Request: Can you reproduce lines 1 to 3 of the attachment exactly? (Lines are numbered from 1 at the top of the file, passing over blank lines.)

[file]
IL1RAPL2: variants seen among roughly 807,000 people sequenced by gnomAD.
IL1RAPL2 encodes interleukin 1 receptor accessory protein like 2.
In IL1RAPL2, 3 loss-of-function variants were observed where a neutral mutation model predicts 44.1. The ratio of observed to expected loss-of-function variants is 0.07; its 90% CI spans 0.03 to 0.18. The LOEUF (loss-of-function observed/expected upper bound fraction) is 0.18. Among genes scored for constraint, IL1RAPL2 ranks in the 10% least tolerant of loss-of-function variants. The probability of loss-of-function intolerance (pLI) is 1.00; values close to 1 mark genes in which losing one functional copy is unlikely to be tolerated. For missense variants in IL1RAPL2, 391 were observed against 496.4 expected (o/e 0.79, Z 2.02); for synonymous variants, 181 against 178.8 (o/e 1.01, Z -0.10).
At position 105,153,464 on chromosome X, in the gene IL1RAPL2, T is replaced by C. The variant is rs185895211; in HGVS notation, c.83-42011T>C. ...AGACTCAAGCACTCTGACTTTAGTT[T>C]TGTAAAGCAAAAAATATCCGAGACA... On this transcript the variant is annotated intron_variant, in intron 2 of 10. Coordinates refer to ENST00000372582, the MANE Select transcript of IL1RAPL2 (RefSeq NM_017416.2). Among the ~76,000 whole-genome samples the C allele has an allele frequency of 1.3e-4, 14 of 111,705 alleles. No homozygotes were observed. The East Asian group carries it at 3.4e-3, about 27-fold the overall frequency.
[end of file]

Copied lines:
IL1RAPL2: variants seen among roughly 807,000 people sequenced by gnomAD.
IL1RAPL2 encodes interleukin 1 receptor accessory protein like 2.
In IL1RAPL2, 3 loss-of-function variants were observed where a neutral mutation model predicts 44.1. The ratio of observed to expected loss-of-function variants is 0.07; its 90% CI spans 0.03 to 0.18. The LOEUF (loss-of-function observed/expected upper bound fraction) is 0.18. Among genes scored for constraint, IL1RAPL2 ranks in the 10% least tolerant of loss-of-function variants. The probability of loss-of-function intolerance (pLI) is 1.00; values close to 1 mark genes in which losing one functional copy is unlikely to be tolerated. For missense variants in IL1RAPL2, 391 were observed against 496.4 expected (o/e 0.79, Z 2.02); for synonymous variants, 181 against 178.8 (o/e 1.01, Z -0.10).